2020.04.17 08:00

LRT English Newsletter: Light at the end of corona tunnel?

LRT English Newsletter – April 17, 2020

A month into Lithuania’s quarantine, the government published a document outlining a four-stage easing of restrictions plan for businesses (only). No word yet on the borders or when the actual quarantine would be lifted, though.

The first stage, approved on Wednesday, paves the way for some shops and service providers to reopen. Your hair will have to wait, however. Barbers and other services may be allowed to reopen in two weeks time as part of the second stage – providing all goes to plan.

And although the health minister previously said the spread of the coronavirus has stopped, the news from Nemenčinė, a town some 20 kilometres north of Vilnius, are worrying.


Nemenčinė became the first hotspot in Lithuania to be sealed off, with police, the Riflemen’s Union and the military blocking off entries and exits to the town of some 5,000 people.

It seems, a garment factory was the breakout point, where 19 workers became infected with the coronavirus. On Thursday, the government pledged to test every resident in the town.

It’s unclear yet whether it will derail the government’s quarantine easing plans. The health minister, as well as the PM, said earlier it would take some time to see if the movement restrictions imposed over Easter had worked. If not, a spike in coronavirus cases could mean more work at home in your PJs.

Or no work at all. Experts said that some 2,000 people were losing jobs every day, while retail workers were hit the hardest – almost every fourth newly unemployed person since March 16 had worked in the sector.

Strictly health wise, scientists at the Vytautas Magnus University in Kaunas say their analytical model calls for the quarantine (in some shape or form) to stay until July.

A previous hotspot town, meanwhile, says they have learned from their mistakes. A dispatch from Ukmergė by journalist Rytis Kazlauskas.


So, a month of quarantine has passed. If you were affected, here’s a timeline of then the financial instruments promised by the government come into effect.

Those holding the status of a creator – ie, actors, directors, painters, photographers, dancers, sculptors, and other artists – are also entitled to 607 euros (before tax).

If you’re a business owner or self-employed, follow these guidelines to claim government support, here.

In a more local move, Vilnius Municipality is offering its own financial support to residents of the Lithuanian capital. More info, here.

Meanwhile, the police are looking for explanations as to why MPs were able to have lunch in the parliament’s cafeteria. After all, restaurants and cafes had to close across the country during the quarantine. The police say the catering provider may face a fine.

The health minister’s suggestion that the quarantine was a good opportunity to reconsider abortion has also left several human rights NGOs asking questions. A petition, #NeMinistroReikalas (none of the minister’s business), calls for abortion services to be continued despite the lockdown. The petition has attracted around 6,000 signatured by Thursday evening.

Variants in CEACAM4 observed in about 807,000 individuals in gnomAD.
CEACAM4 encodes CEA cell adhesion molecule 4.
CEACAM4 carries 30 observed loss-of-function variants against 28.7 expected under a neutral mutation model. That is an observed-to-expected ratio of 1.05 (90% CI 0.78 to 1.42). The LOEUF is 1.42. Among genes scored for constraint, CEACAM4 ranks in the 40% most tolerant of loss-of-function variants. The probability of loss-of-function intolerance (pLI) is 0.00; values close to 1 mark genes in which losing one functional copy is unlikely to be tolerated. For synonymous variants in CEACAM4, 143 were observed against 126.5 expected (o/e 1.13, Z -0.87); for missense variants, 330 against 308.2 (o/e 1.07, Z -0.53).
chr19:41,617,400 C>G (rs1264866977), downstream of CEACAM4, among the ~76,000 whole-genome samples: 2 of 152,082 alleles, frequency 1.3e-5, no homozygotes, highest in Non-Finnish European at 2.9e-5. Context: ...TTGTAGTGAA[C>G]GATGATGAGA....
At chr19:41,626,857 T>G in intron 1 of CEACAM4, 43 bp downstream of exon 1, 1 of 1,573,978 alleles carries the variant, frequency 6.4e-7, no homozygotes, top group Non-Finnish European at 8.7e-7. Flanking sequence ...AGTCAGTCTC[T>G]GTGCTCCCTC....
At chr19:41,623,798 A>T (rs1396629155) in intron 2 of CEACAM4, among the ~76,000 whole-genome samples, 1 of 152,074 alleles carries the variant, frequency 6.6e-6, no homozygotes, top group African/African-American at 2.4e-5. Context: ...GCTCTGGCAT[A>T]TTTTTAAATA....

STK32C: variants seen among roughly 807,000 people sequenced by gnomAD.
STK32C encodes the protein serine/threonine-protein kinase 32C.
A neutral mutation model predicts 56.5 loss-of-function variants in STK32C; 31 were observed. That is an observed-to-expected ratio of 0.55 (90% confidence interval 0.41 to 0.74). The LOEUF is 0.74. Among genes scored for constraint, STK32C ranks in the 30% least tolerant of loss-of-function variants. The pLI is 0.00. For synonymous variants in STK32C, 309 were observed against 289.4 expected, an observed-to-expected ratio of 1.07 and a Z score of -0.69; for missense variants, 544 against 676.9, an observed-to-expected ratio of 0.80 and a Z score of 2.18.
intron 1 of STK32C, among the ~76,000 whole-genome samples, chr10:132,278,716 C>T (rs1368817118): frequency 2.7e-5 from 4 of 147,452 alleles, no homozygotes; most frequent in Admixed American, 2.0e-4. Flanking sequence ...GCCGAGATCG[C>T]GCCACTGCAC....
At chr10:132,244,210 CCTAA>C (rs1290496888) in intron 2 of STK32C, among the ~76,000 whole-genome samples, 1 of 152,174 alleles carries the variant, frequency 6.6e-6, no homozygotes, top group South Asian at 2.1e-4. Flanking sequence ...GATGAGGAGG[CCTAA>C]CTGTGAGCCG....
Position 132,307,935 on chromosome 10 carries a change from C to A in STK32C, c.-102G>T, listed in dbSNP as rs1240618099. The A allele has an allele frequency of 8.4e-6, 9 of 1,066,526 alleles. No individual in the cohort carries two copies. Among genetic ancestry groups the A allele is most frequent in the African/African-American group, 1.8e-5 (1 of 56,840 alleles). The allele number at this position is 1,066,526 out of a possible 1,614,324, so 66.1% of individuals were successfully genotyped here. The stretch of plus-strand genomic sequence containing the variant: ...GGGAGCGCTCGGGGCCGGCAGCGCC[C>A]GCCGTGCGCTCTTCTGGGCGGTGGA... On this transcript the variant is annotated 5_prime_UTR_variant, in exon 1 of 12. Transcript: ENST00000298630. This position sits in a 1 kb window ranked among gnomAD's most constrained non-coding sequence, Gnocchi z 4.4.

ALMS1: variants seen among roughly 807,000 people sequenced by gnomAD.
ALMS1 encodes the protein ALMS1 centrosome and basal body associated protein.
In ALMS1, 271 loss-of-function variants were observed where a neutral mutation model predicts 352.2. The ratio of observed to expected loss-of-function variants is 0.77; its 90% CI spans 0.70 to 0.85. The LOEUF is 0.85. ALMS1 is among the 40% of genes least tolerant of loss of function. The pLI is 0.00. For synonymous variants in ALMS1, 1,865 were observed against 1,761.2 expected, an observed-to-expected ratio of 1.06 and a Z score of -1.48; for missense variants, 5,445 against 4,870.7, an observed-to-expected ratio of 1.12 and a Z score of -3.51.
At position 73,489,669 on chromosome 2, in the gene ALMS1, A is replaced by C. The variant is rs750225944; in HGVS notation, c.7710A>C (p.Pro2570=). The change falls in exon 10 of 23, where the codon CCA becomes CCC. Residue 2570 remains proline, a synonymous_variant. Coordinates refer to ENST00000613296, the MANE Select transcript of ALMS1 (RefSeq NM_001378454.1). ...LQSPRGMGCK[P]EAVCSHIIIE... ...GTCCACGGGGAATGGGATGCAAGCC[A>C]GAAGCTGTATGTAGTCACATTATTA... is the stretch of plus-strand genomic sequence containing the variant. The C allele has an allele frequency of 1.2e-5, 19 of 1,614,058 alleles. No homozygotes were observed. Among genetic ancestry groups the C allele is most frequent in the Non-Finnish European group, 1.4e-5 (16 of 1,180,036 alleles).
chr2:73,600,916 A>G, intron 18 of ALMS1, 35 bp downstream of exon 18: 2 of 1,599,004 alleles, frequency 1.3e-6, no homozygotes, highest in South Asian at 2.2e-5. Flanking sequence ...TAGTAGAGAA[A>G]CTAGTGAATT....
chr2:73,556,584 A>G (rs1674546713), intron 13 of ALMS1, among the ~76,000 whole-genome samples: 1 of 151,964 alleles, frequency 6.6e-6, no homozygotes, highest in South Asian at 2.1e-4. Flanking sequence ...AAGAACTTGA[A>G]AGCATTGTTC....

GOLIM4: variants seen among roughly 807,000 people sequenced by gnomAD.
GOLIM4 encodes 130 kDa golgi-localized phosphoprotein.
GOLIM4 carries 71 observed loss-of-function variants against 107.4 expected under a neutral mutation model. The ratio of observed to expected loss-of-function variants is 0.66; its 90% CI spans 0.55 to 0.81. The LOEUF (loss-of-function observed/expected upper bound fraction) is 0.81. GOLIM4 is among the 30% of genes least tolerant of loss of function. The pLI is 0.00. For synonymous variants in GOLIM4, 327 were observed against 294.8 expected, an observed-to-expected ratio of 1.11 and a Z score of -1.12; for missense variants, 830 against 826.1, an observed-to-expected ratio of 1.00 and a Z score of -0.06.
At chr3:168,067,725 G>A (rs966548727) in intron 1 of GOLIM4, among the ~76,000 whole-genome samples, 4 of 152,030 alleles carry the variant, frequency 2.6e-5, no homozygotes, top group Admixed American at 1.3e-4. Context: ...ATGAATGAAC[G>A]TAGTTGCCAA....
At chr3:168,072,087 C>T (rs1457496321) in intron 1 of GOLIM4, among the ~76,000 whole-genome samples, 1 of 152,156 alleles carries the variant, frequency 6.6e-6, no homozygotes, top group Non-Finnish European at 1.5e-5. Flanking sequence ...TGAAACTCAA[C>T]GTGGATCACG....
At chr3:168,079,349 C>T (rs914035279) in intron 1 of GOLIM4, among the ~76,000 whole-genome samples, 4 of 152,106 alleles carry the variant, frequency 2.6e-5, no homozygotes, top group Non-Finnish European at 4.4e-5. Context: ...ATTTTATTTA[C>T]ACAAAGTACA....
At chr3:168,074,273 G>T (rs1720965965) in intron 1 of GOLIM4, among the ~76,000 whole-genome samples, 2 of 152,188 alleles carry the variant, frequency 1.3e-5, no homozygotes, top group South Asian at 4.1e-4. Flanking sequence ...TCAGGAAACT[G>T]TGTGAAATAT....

Lithuania’s National Cyber Security Centre at the Defence Ministry published its annual review. Last year, they say, the disinformation and cyber attacks against Lithuania were growing in scale and becoming more sophisticated.

In one example, hackers nearly took down water supply in Lithuania’s second largest city, Kaunas. In other regular fake news and disinformation incidents, the goal was to “discredit Lithuania’s statehood,” as well as portray it as a “hostile state”.

Previously, the cyber security centre also warned of vulnerabilities in the videoconferencing Zoom app which has exploded in popularity since the pandemic.

On Wednesday, Lithuania’s Defence Minister Raimundas Karoblis said NATO troops also “fall victim” to coronavirus disinformation. The answer, he said, is more coordination between the EU and NATO, as well as raising the public’s resilience.

Estonia also published its yearly threat assessment earlier this week. The country’s e-residency scheme, according to the intelligence services, is prone to misuse and has seen applicants with “extremist and terrorist ties”.

Meanwhile, disinformation on TV screens as part of several Kremlin-linked media may come to an end, according to investigative journalists at Re:Baltica.


With museums closed, LRT and MO in Vilnius is kicking off a series about 20 key Lithuanian artists of the 20th century. First installment – Antanas Gudaitis. Take a look.

The pandemic has also had a curious effect on the art world. The highly mobile lot is now facing closed borders, and are forced to look closer to home. An interview with a Lithuanian curator, Neringa Stoškutė, here.


– Exactly 100 years ago, Lithuania held its first general election. With no media, campaigning had to be done in open-air markets and aboard horse-carts. Alcohol was also banned.

– In another LRT FACTS installment, we look at how the virus spreads and whether protective single-use clothing is safe to reuse. The investigation was sparked by a short-lived controversy when images of medics being forced to reuse plastic clothing sparked outrage on social media and led to a hospital director being temporarily dismissed.

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Written by Benas Gerdžiūnas
Edited by Justinas Šuliokas